In the first half, researcher Lloyd Pye provided an update on the Star Child skull, and its possible ET lineage. He revealed that the geneticist that has been working on the project recovered four critical fragments of mitochondrial DNA from the skull. Unlike previous DNA tests, which allowed for only a glimpse of 1% of the creature's genome, these new samples provide information on 10% of the Star Child's genetic makeup. Remarkably, Pye said, the genetic information is so different from a human's DNA that it now appears that the Star Child was totally alien and not an ET-human hybrid. Pye expressed tremendous confidence that "when we can recover the whole genome," this theory will be confirmed. For more, see Pye's DNA Analysis Report (PDF file).
According to Pye, these new findings help to solve a riddle that has plagued the Star Child skull for many years. He explained that it had become increasingly difficult to reconcile the theory that the creature was a hybrid because the skull "has not a single corollary to a human." In fact, Pye pointed out that the skull has "twenty-five major physical differences" from a normal human, including a lack of frontal sinuses, a larger brain capacity but smaller chewing muscles, and "durable fibers woven through the bone." In light of this new information on the Star Child's genome, Pye declared that "I don't think, anymore, that it was, in any way, shape, or form, a hybrid." Instead, he surmised that "we're looking at a pure alien being."
"Let's face it, this story is going to be as big as anything ever gets," marveled Pye, "it's going to move us to the next phase of reality as humans." He theorized that the Star Child story, should it be confirmed that the creature was an alien, allows for a "bridging mechanism" to the eventual disclosure of the ET reality. Pye said that, for ET believers, it will be seen as confirmation of what they've suspected all along. Meanwhile, for those who may be fearful of the concept of extraterrestrials, the Star Child would be a benign way of introducing them to the reality of aliens, since the creature was on Earth in the distant past and not looming here in the present. Ultimately, Pye mused that "it provides a stepping stone in the direction of coming to a better understanding and acceptance of our own place in the universe."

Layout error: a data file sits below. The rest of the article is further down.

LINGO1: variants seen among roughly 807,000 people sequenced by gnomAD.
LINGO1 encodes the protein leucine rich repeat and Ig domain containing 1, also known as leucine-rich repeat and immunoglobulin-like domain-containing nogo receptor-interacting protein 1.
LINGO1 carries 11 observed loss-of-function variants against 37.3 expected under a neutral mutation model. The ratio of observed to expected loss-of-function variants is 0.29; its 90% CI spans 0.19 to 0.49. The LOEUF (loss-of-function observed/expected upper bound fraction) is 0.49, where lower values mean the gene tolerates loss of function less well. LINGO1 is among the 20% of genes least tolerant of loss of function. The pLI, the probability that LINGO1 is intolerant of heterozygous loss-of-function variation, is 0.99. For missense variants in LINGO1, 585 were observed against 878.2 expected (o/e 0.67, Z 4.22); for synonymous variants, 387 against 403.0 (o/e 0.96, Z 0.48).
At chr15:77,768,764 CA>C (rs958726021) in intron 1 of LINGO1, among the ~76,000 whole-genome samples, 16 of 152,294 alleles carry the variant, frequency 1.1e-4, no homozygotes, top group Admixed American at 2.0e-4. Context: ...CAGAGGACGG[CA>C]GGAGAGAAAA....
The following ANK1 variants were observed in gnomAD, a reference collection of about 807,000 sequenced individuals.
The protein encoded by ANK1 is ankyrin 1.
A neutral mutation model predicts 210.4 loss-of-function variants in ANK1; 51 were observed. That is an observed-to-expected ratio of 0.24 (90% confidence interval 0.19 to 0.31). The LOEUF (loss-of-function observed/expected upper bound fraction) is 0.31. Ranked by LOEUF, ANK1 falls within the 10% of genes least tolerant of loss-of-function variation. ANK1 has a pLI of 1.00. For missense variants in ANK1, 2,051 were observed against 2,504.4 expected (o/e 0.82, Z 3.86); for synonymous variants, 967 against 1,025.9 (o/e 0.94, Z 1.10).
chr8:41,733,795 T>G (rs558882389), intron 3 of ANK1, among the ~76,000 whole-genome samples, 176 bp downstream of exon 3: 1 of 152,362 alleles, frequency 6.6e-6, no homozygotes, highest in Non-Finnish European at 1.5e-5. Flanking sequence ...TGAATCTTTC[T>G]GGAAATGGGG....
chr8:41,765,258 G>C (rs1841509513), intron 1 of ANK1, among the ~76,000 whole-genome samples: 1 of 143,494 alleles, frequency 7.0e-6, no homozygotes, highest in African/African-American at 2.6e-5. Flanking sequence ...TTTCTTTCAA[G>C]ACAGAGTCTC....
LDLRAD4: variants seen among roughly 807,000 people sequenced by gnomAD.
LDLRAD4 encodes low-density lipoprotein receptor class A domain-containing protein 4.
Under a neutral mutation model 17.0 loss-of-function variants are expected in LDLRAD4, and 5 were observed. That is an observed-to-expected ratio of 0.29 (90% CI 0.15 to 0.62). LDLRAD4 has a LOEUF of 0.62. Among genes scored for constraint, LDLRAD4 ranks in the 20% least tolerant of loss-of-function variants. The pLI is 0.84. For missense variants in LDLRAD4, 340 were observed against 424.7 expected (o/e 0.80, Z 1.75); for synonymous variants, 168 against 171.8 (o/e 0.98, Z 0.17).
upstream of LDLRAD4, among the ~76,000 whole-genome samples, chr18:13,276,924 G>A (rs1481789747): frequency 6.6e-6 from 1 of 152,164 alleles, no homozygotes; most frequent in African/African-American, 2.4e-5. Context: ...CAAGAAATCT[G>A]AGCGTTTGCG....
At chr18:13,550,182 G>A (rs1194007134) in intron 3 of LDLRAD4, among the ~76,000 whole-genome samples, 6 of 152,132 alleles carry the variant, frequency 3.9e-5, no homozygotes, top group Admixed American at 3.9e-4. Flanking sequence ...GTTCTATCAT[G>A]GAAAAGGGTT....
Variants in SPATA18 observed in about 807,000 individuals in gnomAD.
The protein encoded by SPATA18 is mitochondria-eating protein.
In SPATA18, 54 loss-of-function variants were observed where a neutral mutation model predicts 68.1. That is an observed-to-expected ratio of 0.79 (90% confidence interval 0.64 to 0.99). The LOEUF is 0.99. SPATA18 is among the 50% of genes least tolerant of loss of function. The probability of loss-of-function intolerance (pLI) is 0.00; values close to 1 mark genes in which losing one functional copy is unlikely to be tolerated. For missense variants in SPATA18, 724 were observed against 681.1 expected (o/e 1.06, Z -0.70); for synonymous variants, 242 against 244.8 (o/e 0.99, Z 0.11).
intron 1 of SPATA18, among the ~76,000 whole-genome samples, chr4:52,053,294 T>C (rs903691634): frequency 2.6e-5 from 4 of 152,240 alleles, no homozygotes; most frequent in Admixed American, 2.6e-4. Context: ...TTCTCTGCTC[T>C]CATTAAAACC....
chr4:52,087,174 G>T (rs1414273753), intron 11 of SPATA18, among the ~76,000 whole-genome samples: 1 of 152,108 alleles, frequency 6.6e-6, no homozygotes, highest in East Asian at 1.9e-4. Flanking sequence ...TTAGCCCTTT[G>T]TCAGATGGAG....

The latter half of the show was devoted to Open Lines and featured a "Good Luck / Bad Luck" hot line for callers to share their tales of Friday the 13th joy or woe. A caller in Austin, Texas lamented that she had to cancel her 50th birthday party for next week because the tiles to finish her bathroom restoration did not arrive on Friday and, instead, got shipped to Mount Vernon, Illinois. Later, Phil, a military police officer in Newport, Rhode Island, shared the tale of how his Friday the 13th went from bad to good over the course of the day. At the start of the day, Phil said, his bank account had "absolutely no money in there." However, later on the 13th, he took his weapons qualification test and managed to beat the instructor's score. "So it was a pretty good Friday the 13th for me after I got bragging rights for a couple of hours," he laughed.
A new project from the California Academy of Sciences, dubbed 'AntWeb,' aims to catalog the world's 12,000 different ant species using advanced imaging technology. So far, the project has documented over 5,000 ants in breathtakingly vivid detail. BBC News has a gallery of some of the more spectacular specimens, including this Harpegnathos saltator, a predatory ant that dwells in India.
Bumper music from Friday May 13, 2011